Our brand teams are working in a completely different way. We work under the system of the newsroom. Instead of having long briefs that take one month to get defined, then you brief the agency, they take four weeks to bring together and then we do a call, we do newsroom meetings every day. … Then we present what people are talking about, what the opportunities [align] with what our brands stand for. … It’s a big change in the way we listen to consumers and in the way we develop our brand content.
Are there any particular ways that you’re listening to consumers?
We do daily research with consumers. We use online panels—this is where we proactively talk to consumers to share ideas, new concepts or new content [to which] we have to get their initial reaction. [W]e are referring to … new ways of doing research instead of going to a room and being behind the mirror and everything. This is when we proactively talk to them.
The second thing is, we’re betting deep [on] social listening. Like never before. I tell people that we became CNN people with the number of screens we have here [to show us] everything that people say, everything that’s trending all day. All of our brands have daily meetings that we call “newsroom meetings” where they start the day by checking what consumers are talking about and what is trending, and then they start working with to develop content as a publisher.
That sounds like a huge shift. When did you guys implement that?
We’ve been learning, we’ve been evolving, but [we] really started doing this last year.
Would you say that some of these positive results came from this strategical shift?
I believe so. We also changed the way we track [success] here, the indicators that you track. [W]e’re now paying much more attention to share of social conversation because what really matters is what people are talking about. … [W]henever people talk about beer, 60 percent of those conversations on social mention our brands in a positive way. So this is [an] indicator that [we] track, and this proves that we are becoming much more culturally relevant with our brand.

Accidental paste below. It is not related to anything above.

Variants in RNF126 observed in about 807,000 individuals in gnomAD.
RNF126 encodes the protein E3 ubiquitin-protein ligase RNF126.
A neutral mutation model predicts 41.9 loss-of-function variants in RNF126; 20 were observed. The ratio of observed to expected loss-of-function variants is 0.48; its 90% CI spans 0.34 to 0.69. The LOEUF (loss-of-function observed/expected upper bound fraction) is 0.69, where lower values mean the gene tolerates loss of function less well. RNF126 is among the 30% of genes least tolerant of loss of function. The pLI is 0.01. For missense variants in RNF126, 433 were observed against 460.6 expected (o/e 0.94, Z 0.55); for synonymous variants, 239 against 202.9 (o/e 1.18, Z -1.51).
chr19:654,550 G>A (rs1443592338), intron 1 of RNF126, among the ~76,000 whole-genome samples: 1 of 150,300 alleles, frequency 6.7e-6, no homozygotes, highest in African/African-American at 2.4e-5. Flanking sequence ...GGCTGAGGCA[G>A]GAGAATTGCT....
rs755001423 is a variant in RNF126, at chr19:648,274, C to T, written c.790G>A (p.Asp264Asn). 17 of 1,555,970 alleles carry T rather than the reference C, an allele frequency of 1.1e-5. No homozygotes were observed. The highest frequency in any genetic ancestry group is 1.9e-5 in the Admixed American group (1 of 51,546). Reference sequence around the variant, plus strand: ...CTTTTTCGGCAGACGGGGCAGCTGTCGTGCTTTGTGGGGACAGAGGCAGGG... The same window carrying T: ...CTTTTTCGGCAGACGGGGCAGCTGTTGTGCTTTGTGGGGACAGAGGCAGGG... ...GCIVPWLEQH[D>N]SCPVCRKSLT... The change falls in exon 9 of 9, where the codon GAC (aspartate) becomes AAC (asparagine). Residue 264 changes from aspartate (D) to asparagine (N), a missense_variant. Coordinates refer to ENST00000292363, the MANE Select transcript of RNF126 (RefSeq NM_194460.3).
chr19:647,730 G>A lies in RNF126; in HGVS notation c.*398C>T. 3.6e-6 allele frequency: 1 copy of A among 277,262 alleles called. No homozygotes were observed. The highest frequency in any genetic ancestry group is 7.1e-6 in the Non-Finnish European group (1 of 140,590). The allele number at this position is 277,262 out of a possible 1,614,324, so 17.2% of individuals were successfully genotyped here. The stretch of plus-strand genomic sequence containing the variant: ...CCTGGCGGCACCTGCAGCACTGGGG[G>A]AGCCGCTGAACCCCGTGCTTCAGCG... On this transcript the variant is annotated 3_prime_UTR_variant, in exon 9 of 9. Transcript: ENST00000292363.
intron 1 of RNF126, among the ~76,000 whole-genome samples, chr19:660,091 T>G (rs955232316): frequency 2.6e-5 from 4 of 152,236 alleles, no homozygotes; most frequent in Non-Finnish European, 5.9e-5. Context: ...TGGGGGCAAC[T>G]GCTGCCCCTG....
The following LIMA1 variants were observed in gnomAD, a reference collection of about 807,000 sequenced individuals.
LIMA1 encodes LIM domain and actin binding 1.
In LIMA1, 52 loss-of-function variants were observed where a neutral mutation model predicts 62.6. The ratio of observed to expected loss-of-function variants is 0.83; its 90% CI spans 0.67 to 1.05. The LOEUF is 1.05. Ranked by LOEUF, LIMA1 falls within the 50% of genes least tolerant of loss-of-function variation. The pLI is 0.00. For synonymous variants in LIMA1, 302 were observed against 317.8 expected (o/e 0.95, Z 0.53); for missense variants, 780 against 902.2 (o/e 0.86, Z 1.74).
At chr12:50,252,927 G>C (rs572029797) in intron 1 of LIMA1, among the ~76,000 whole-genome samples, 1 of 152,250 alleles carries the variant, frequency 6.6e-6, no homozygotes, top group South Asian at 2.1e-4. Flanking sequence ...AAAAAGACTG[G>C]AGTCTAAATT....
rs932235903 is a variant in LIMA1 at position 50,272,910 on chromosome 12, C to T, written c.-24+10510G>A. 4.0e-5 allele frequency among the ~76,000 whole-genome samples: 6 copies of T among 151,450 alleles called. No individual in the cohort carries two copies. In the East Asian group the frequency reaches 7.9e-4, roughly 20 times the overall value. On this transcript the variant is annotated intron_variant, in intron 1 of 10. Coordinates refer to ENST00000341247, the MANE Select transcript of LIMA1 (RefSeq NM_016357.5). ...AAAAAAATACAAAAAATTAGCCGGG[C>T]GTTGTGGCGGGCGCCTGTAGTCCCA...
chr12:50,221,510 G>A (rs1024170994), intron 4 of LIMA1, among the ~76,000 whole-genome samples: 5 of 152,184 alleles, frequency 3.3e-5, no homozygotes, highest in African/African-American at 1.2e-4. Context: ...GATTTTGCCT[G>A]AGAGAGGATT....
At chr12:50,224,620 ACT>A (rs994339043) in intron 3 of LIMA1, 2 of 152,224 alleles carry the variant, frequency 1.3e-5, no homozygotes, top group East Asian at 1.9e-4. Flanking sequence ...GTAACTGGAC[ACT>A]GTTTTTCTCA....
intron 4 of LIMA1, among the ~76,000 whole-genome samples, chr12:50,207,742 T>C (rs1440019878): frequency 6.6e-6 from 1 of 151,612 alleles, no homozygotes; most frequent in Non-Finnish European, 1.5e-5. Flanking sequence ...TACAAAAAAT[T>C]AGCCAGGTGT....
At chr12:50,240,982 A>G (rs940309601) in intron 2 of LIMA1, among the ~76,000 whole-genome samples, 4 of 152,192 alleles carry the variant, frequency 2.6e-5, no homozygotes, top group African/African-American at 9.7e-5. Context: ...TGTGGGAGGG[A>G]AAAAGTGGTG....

This is a reflection of that model, right? Something we can talk a little bit about as well [is] the impact on innovation, because as we listen more, we become more confident about what consumers are really looking for, and we become much more confident about taking some risks and developing some new products that aim to address the needs that we identify with consumers.
Do you have any examples of products that came out of that?
This is why we launched Bud Light Orange last year, and we’re just about to launch Bud Light Lemon Tea. We see that in summertime, people are going to [want] flavors.
We also [found that when people go out], they start mixing beer with bourbon or whiskey. And because we identified that, we spoke to Jim Beam, and we developed the partnership that enabled us to launch Budweiser Copper Lager—Budweiser aged on Jim Beam barrels, which is quite innovative for a beer brand.
This is what made us confident in betting big [on] developing the first organic beer in the industry, which is Michelob Ultra Pure Gold. All of that started by listening to consumers, and then we applied speed and agility, because again, if you are too late to the game, somebody is going to do it faster.